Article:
After many years of devotedly booking shows in the Indianapolis area, GloryHole Records founder Jimmy Peoni finally has a venue that is 100 percent his own.

Snuggled inside Indy’s Holy Cross neighborhood, Peoni’s State Street Pub has been regularly throwing shows over for a few months, with plenty more on the horizon. Having already hosted everyone from local bluesman Gene Deer to Austin, Texas psych rock outfit Holy Wave, the 21+ live music spot also offers a humble selection of food, beer and wine, catering to “a lunch crowd by day” and “a rock and roll crowd by night,” Peoni says.

After choosing to serve “pub food with a twist,” Peoni made the decision to partner up with Historic Steer-In owner Casey Kehrer. And since coming into the mix, Kehrer helped his boyhood friend with the State Street Pub menu, and assisted in getting the kitchen off the ground.

A longtime fan of Indianapolis’ The Vulgar Boatmen, Peoni’s love for local music initially inspired him to start his own record label dedicated to documenting the sounds of Indiana in 2010.

“The tempo for the ‘90s was bands getting signed and dropped by major labels, so that’s pretty much how GloryHole started. I liked putting out music for bands that I didn’t think would maybe get the opportunity to get music out,” he says.

Since his label’s first-ever release – Vacation Club’s debut 7” – GloryHole Records has put out 16 records and 10 cassettes, most recently The Last IV’s debut 7” and America Owns The Moon’s Record Store Day cassette. The label will release music from Mysteries of Life and Sleeping Bag's Dave Segedy, as well as a compilation of Fountain Square music titled FSDC Vol. 4.

In the midst of their label endeavors, Peoni and GloryHole label manager/State Street Pub bookkeeper Kim Oskins dedicate much of their time to the new venue as well, gradually transforming the space. With vintage concert posters lining every wall, Peoni says the venue’s interior is essentially just his “living room blown up into a bar.” The intimate, 130-capacity space also nods to Peoni's love for house shows.

Before ever stepping into the space, Peoni says he drove past it for years, initially envisioning it as a space for his own record store. But after a tour, he realized the building’s excellent bar potential, especially considering its location.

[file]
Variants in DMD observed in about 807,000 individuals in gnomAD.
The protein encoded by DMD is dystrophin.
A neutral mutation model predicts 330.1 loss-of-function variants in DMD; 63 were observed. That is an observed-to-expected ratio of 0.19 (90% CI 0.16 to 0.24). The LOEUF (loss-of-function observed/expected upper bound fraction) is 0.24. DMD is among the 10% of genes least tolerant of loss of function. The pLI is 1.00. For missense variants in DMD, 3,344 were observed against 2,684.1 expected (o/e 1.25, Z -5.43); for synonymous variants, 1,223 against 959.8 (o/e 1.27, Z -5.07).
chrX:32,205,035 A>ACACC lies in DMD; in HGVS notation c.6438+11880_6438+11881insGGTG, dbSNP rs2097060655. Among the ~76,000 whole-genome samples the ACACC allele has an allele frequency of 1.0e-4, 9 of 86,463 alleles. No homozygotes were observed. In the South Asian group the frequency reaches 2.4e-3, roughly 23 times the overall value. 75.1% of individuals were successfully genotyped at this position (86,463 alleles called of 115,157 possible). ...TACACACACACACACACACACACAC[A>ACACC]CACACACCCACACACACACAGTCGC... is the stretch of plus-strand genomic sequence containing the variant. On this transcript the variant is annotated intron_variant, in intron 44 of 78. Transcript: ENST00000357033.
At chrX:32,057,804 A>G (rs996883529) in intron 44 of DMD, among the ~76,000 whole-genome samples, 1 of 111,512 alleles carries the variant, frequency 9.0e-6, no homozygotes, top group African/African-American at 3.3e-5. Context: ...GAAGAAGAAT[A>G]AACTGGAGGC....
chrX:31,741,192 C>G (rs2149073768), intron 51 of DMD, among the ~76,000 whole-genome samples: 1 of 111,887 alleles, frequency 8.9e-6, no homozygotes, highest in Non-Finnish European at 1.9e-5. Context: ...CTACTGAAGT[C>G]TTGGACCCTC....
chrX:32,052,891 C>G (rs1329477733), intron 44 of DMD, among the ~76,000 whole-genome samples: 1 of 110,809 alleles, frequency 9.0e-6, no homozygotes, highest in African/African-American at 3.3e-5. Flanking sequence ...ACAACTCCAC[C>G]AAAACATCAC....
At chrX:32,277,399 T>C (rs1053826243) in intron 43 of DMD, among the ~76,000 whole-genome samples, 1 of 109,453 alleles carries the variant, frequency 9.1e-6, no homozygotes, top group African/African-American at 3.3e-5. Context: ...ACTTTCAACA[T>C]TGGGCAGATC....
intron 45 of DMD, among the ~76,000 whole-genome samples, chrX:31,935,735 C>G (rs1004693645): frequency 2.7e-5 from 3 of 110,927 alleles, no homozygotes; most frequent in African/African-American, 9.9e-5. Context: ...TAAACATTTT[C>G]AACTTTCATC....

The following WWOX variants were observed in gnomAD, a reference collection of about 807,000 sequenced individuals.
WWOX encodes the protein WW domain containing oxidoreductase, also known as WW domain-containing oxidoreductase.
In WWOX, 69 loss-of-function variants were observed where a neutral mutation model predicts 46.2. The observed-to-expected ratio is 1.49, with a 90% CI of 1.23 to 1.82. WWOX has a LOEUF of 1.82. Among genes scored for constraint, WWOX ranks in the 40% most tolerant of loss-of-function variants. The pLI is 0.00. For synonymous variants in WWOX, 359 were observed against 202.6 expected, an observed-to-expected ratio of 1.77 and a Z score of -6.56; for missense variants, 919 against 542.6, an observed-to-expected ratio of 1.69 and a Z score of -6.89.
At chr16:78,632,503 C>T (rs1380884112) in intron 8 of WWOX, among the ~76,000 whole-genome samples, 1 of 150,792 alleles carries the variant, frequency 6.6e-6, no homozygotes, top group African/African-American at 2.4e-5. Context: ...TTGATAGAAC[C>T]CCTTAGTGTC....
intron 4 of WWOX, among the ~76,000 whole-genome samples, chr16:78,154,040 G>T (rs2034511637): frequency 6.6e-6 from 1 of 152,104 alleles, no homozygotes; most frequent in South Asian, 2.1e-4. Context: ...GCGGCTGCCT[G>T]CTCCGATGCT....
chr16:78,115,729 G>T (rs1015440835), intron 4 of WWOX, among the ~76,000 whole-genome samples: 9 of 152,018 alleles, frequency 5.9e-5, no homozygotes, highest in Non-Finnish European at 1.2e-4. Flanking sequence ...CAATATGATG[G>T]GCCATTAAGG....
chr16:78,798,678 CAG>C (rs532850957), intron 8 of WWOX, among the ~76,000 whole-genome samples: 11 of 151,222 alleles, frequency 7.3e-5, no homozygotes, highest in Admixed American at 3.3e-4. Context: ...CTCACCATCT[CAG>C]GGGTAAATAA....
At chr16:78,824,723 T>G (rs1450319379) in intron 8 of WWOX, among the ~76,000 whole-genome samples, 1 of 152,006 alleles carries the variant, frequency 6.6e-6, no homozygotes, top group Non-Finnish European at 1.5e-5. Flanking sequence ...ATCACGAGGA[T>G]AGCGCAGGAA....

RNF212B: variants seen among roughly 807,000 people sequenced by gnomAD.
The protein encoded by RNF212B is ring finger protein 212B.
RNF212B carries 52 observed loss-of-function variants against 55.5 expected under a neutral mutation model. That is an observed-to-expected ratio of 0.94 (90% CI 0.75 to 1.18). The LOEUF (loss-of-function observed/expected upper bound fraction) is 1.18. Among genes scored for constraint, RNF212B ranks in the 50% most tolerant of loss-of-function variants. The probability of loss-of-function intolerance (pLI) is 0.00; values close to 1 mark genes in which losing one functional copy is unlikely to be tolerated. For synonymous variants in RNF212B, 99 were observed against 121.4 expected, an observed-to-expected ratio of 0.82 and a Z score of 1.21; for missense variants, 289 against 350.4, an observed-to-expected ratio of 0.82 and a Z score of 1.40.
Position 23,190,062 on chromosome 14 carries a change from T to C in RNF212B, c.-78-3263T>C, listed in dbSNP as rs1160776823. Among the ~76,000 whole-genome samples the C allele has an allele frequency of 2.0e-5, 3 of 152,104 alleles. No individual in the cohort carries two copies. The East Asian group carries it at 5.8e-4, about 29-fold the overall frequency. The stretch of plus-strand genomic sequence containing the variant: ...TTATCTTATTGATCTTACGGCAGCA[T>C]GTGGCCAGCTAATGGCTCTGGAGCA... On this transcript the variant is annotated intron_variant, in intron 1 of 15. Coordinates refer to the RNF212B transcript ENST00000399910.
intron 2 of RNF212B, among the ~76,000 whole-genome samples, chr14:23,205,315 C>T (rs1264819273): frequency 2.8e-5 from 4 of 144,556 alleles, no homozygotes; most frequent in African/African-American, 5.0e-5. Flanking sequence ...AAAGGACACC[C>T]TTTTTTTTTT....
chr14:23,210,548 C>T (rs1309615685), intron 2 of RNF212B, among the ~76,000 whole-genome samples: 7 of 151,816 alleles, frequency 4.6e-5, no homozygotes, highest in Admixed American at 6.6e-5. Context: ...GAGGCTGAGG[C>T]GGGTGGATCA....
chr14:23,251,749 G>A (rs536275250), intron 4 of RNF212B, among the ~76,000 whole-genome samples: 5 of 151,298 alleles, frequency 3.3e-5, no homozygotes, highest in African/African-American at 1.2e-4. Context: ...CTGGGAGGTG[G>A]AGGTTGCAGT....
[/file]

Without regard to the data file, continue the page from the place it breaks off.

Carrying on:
“It’s in between Fountain Square and Woodruff Place. I think a lot of the kids are moving out of Fountain Square to Woodruff and the 10th Street area because it’s cheaper,” Peoni says. “So I think it’s an ideal location.”

Soon, Landon Caldwell – currently a member of California-based groups Burnt Ones and Creeping Pink, formerly of Indy-based Learner Dance — will return to Indianapolis and join Peoni and Oskins in their State Street Pub pursuits. Originally from Indy, he met Peoni around the time of GloryHole’s start. He was drawn to the Peoni's supportive, locally minded personality and business ventures.

“Jimmy likes to see things happen,” Caldwell says. “He's a doer, and he really cares about the people in his community. I think that is where we really relate and why we really struck it off.”

Peoni is hoping to attract more and more of his Holy Cross neighbors into the venue by offering a diverse selection of shows that includes everything from jazz to rock to bluegrass.

“We’re not partial to one type of music,” he says. “There are certain bands that we probably won’t have in here, and there are some [with large followings] that just wouldn’t fit in here either.

Although many more additions to the pub will be made, including a front porch and a back fence similar to Radio Radio’s, Peoni doesn’t want his bar to change much more from what it is now. Inspired by local op artist Stephen Peck (known to many as Speck) who passed away last year, he believes that having a no-nonsense venue is really what the city needs.

“I based our motto here around an art exhibit of Speck’s, Simple is Complex Enough,” Peoni says. “So that’s kind of our motto.”

State Street Pub has several shows booked including We Are Hex on June 19. Songwriter Christian Taylor will have a regular residency spot on Tuesday nights, too.

As Peoni and Oskins plow ahead with their new restaurant, both admit they’re just excited to be pursuing something music-related.

“It’s fun because it’s a dream for us both,” Oskins says. “We just both love music.”